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I had a motor gear fail and you'll never guess which one

#1

A few weeks ago I had the right hand motor fail in a strange way. It was gear number 3 (?) That failed. About a month previous I had changed out the gear that usually fails with the upgrade from the maslow surplus store, and sure enough the upgraded gear was too good. It stripped out the adjacent gear in a bad way. I’m waiting on replacement motors from @bar but it always takes a while for things to get across the border to the north. Figured you all would like to know about this. Not sure if anyone else has had this failure.

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#2

Why the stripped gears? I’ve been wondering if excessively weighted sled would lend to this since stripped gears seem to be isolated rather than a common issue. Basically, I feel my sled is a little heavy and wonder if I should lighten the load.

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#3

You may be right on too heavy of a sled. I’ll put mine on the scale next time I get a chance. I’m now also wondering if I don’t have enough weight on the slack side of the chain. I only have about 3 pounds on either side.

I do find it strange that it was the motor on the right that failed and not the left. I would have assumed the left would have failed before the right since it’s the one that’s doing the pulling during calibration for motor distance.

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#4

doesn’t the weight of your sled just have to be balanced by the counterweights? Even if your sled weighs 100kg, if the counterweight is also 100 kg the gears won’t have any weight to move (other things might wear out, just not the gears). And at the speeds we’re moving momentum seems negligable.

edit, just realised that stretchy cords are shipped with the standard kits (i assume). Seems like another reason to switch to counterweights. I have both slack parts of the chain connected and a bucket of stones connected behind a pulley system.

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#5

There are no counterwights and the stretchy cord is just to control the slack,
it makes no significant difference to the weight on the motors.

Even if you had counterweights, do you setup the counterweights to balance the
sled when it’s at 80 degrees from horizontal (the tension on the chain being
only a little more than the weight of the sled), or when it is at 10 dgrees from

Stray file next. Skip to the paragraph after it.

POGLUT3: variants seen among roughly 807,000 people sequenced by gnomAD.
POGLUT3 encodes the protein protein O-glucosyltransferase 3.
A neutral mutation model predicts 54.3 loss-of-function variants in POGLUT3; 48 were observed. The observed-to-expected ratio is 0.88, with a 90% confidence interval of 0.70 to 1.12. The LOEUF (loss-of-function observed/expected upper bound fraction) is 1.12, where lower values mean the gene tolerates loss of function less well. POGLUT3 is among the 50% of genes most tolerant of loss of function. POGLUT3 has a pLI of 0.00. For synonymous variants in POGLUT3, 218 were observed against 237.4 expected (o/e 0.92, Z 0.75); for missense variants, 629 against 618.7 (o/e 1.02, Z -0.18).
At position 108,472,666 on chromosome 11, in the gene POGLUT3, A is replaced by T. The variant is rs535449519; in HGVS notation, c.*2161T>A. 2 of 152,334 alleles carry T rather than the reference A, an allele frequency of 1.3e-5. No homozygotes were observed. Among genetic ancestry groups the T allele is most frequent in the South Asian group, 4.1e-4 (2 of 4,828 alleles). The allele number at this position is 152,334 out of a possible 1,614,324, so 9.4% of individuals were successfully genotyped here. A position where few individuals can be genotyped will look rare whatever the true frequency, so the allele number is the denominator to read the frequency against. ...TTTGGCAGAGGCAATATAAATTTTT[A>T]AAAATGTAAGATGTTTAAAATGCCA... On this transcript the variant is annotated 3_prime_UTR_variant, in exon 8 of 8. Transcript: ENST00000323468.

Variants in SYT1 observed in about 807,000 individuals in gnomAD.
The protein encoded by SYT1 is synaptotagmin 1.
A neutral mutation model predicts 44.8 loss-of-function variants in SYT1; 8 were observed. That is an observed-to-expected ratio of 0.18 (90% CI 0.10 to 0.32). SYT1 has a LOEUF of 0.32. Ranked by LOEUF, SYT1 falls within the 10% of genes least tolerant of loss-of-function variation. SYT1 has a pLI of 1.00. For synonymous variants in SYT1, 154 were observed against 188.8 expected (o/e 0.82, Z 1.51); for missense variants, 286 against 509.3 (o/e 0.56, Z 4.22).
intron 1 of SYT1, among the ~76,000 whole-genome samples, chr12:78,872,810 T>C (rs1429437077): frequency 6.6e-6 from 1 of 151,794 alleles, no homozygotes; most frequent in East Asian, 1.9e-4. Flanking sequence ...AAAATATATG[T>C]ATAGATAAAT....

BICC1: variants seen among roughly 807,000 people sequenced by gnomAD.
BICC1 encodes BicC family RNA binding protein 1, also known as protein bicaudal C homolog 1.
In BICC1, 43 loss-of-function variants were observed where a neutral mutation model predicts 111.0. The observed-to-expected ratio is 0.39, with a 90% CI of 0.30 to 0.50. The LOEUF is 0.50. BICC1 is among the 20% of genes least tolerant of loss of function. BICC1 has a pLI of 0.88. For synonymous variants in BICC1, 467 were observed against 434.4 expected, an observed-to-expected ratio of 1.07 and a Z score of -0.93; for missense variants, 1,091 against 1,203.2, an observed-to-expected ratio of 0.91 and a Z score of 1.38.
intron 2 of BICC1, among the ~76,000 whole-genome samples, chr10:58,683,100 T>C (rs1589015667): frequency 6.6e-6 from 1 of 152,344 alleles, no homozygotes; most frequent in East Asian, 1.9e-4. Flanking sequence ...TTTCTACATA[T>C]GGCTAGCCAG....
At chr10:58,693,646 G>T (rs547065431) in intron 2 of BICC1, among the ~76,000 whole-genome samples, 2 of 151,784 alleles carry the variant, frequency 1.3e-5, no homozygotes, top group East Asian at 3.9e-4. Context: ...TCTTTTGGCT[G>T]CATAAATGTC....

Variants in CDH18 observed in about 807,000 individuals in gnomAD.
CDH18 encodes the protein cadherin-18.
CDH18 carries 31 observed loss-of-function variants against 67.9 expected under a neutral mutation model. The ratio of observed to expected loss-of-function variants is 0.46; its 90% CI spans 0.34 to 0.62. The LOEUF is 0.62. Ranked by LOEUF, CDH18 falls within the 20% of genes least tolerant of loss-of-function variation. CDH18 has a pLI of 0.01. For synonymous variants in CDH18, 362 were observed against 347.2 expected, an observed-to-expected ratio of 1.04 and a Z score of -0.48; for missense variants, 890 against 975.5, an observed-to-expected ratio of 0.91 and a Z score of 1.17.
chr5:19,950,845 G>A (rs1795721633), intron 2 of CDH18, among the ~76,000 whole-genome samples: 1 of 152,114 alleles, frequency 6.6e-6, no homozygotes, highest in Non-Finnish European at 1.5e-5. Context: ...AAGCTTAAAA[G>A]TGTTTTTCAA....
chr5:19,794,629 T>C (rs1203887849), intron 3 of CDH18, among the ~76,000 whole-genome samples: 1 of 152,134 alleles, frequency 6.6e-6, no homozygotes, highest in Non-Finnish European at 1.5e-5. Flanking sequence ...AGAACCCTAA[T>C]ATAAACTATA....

horizontal (where the tension on the chain is much higher)?

keep in mind that if you have too much counterforce (weight or strechy cord)
pulling on the slack side, you unload the gears and now have to worry about
backlash as a source of error.

It just doesn’t work to try to counter the weight of the sled with
counterweights to reduce the force on the gears.

David Lang

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#6

I think that you are correct in general, however, stripping of the gears indicates that the motor is supplying more torque than the gears can manage against the weight being lifted by the chains. To that end, while complete counter-weighting is likely infeasible, it might behoove those with acknowledged heavier sleds to ensure that there is more force applied on the slack side of the chain.

Your point about introducing backlash is astute, and is important to keep in mind. I don’t have the time or inclination to find the sweet spot of how much weight should be applied as compared to the sled, but I think that each person can decide if their sled is on the heavy side whether they would benefit from additional weight.
It would also be interesting for those who have had stripped gears occur (outside of chain wrap) to report on the weight of their sleds to see if there even is a correlation.

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#7

with the stock 10’ top beam and a ‘normal’ weight sled, the tension on the long
chain when cutting in the bottom corners can get down under 4 pounds, so any
more tension than that on the slack when fully extended will introduce backlash
error.

David Lang

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#8

another thing to experiment with is the frame angle, in theory, a frame closer
to vertical needs less weight to keep the router in the right place, but at some
point you get to the point where you no longer have enough force to drive the
bit down into the wood.

now that we have chain sag compensation in place (or will as soon as a new
release is cut), a lighter sled with more sag should be just as good as a heavy
sled for position accuracy (with a caviot about possible insufficient forces in
the corner to move fast)

David Lang

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#9

Good to know. Perhaps that should be a driving calculation for the mass of counter weights… ie a calculation of the maximum force exerted by the sled on the long chain when at the opposite corner? This would be driven by the weight of the sled, the workspace dimensions and the distance between motors.

If it does turn out that heavier sleds are experiencing gear failure more often, this could prove essential in preventing that failure going forward.

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#10